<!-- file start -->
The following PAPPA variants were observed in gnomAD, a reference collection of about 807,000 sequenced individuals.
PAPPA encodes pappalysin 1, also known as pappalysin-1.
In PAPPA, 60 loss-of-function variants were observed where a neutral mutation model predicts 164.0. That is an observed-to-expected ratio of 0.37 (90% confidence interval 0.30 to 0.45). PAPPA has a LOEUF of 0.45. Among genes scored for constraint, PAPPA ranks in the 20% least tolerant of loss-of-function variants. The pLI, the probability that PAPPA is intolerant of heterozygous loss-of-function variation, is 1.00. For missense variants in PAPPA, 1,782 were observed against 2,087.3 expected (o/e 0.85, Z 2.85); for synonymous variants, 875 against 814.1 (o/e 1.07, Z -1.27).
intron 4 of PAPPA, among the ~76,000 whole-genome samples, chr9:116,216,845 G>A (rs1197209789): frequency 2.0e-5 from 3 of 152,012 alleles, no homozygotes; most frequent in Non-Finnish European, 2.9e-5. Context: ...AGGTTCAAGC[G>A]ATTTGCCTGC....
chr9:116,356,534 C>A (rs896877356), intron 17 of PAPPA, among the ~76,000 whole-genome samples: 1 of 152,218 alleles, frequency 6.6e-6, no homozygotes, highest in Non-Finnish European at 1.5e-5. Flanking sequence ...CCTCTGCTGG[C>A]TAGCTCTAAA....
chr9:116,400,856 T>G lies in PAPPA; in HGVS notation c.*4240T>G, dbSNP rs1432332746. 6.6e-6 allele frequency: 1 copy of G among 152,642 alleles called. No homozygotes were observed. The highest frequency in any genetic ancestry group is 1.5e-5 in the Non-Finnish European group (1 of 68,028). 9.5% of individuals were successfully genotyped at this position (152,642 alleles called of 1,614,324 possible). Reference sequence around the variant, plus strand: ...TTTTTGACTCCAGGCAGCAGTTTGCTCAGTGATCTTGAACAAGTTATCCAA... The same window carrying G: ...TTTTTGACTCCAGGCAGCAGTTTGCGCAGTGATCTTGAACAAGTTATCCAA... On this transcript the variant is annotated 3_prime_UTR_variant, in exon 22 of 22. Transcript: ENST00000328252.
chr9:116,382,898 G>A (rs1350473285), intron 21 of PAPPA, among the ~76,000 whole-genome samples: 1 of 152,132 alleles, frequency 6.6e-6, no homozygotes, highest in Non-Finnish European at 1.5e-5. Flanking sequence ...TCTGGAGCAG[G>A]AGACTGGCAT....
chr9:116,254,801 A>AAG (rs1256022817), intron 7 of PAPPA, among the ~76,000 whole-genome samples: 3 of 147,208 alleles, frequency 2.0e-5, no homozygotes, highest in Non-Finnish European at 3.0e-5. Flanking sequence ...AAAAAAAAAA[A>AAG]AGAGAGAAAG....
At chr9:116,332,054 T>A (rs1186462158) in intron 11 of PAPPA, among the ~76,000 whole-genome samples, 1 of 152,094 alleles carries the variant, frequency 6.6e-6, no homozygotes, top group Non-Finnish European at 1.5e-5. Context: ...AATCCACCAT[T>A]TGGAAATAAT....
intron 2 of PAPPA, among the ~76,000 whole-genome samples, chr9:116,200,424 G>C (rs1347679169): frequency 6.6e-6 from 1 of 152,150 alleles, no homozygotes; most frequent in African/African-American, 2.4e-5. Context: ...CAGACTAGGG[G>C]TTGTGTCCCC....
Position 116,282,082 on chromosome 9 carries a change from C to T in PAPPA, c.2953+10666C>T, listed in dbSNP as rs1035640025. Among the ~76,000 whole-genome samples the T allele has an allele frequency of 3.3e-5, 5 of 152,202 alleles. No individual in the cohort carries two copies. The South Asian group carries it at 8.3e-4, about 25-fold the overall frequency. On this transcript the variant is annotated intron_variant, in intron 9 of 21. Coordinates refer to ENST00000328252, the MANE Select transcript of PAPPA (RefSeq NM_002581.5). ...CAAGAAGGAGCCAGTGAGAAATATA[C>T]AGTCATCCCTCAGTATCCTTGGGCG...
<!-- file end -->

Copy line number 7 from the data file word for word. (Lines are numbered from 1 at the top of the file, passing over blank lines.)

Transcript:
chr9:116,382,898 G>A (rs1350473285), intron 21 of PAPPA, among the ~76,000 whole-genome samples: 1 of 152,132 alleles, frequency 6.6e-6, no homozygotes, highest in Non-Finnish European at 1.5e-5. Flanking sequence ...TCTGGAGCAG[G>A]AGACTGGCAT....